- Vanguard Information Technology ETF (VGT)
- Vanguard Healthcare ETF (VHT)
- Vanguard Financials ETF (VFH)
- Vanguard Global ex-U.S. Real Estate Index Fund ETF (VNQI)
- Vanguard Consumer Staples ETF (VDC)
- Vanguard Utilities ETF (VPU)
- Vanguard Industrial ETF (VIS)
- Vanguard Consumer Discretionary ETF (VCR)
- Vanguard Energy ETF (VDE)
- Vanguard Communication Services ETF (VOX)
- Vanguard Materials ETF (VAW)
While I would love to compare each sector SPDR with its corresponding Vanguard sector ETF head to head, the below two charts will focus on only two comparisons: technology (XLK vs. VGT) and financials (XLF vs. VFH). In both cases, the Vanguard fund outperformed the SPDR since the formers' 2004 launch by far more than just the fee difference, likely due to the Vanguard funds not being limited to S&P 500 components and broader diversification into more small names.
Sector ETF List #3: iShares Global Sector ETFs
Although iShares also has a competitive lineup of domestic sector ETFs, as well as "expanded" and "evolved" sector ETFs, I believe their most unique suite of sector ETFs are their global ones.
As mentioned earlier, international sector ETFs tend to be much, much more expensive than a passive international or global tracker fund, but in many ways may be worth that extra cost for the added diversification and flexibility. All of the below ETFs except for the REIT one, which charges 0.14%/year, charge 0.46%/year.
- iShares Global Infrastructure ETF (IGF)
- iShares Global Tech ETF (IXN)
- iShares Global REIT ETF (REET)
- iShares Global Healthcare ETF (IXJ)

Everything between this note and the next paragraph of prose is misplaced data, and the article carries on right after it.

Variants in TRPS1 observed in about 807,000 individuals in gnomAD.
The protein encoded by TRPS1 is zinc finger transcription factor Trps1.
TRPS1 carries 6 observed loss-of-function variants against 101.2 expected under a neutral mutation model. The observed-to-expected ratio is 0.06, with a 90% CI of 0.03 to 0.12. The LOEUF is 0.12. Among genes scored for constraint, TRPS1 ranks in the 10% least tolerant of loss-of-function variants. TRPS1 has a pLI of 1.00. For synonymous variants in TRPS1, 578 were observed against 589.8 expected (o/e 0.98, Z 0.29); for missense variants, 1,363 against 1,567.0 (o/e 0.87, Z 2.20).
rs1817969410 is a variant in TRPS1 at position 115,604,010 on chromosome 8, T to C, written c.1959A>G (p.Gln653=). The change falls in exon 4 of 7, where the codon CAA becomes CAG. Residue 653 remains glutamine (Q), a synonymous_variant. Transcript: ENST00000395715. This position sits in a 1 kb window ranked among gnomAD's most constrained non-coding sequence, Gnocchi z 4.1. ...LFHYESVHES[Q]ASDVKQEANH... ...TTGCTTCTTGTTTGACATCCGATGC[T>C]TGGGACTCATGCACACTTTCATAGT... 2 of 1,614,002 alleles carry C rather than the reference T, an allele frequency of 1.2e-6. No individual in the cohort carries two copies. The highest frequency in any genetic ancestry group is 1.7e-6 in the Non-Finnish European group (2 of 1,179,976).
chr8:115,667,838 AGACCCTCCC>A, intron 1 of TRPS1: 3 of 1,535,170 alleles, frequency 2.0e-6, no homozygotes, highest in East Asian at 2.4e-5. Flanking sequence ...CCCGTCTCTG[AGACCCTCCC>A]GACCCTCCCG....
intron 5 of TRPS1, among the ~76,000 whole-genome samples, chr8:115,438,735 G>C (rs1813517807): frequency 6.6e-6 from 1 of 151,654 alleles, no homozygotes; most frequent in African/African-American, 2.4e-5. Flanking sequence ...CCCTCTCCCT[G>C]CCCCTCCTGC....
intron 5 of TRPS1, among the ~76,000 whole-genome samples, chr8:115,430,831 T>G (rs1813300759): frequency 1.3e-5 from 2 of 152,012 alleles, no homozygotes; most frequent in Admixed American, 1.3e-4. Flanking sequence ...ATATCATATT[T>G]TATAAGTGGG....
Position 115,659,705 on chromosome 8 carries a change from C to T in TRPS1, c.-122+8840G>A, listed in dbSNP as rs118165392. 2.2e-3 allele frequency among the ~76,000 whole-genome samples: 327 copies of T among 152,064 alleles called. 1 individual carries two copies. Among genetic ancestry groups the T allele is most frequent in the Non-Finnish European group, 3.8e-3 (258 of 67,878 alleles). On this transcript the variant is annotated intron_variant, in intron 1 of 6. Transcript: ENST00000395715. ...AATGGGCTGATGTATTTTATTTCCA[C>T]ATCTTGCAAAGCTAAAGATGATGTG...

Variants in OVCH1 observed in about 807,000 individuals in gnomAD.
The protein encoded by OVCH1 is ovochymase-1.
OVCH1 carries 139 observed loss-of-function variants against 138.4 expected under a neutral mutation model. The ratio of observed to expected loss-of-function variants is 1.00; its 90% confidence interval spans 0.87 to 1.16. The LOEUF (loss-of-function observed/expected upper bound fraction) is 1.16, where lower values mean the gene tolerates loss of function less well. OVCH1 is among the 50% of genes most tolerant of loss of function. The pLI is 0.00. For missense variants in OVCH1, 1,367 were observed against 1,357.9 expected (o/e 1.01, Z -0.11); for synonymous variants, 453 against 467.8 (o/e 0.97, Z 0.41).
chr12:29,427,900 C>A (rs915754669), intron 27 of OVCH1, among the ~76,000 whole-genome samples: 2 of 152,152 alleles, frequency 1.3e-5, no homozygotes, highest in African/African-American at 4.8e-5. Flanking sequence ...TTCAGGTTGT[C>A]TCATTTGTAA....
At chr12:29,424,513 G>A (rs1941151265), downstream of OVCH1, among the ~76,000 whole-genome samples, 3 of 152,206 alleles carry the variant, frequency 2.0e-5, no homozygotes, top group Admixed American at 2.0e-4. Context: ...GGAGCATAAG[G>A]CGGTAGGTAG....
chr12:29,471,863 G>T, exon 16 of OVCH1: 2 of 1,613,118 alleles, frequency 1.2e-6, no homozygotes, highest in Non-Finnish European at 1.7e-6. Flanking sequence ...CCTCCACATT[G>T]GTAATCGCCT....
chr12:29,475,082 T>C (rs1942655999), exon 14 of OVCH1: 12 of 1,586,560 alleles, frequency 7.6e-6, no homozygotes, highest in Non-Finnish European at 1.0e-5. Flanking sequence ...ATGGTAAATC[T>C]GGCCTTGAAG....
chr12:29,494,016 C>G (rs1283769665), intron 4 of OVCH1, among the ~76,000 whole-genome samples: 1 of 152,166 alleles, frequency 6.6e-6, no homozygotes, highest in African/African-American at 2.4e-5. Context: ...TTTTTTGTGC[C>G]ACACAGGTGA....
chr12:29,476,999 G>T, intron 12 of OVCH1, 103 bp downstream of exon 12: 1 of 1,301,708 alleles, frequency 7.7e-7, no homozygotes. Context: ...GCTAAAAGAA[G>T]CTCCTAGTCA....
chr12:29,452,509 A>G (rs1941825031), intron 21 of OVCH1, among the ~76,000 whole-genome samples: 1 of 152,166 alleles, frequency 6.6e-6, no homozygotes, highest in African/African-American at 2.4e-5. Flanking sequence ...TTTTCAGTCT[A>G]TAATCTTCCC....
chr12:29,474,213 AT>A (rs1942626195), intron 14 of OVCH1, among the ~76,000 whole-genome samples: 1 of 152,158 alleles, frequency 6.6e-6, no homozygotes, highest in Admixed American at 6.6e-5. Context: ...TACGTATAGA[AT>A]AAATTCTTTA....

- iShares Global Consumer Staples ETF (KXI)
- iShares Global Energy ETF (IXC)
- iShares Global Clean Energy ETF (ICLN)
- iShares Global Financials ETF (IXG)
- iShares Global Telecom ETF (IXP)
- iShares Global Timber & Forestry ETF (WOOD)
- iShares Global Utilities ETF (JXI)
- iShares Global Consumer Discretionary ETF (RXI)
- iShares Global Materials ETF (MXI)
The significant difference in expense ratios might be best explained by the direct competition between REET and Vanguard's VNQ and VNQI domestic and international REIT ETFs. The other global sectors, on the other hand, are in "Vanguard-free zones", and have not been subject to the "Vanguard effect" pushing down their expense ratios. This is not entirely due to lack of assets, since the largest domestic tech sector ETFs, XLK and VGT, each hold about $26 billion, but the global version IXN still has over $3 billion in assets. This could be seen as one metric of home country bias, which I expect may rebalance if the US underperforms foreign markets for a few years. I also find it interesting that the global sector fund for infrastructure has slightly more assets than technology, and that clean energy has almost as much as energy. As with the sector SPDRs, below is a chart showing the progression of AUM in these sectors over time: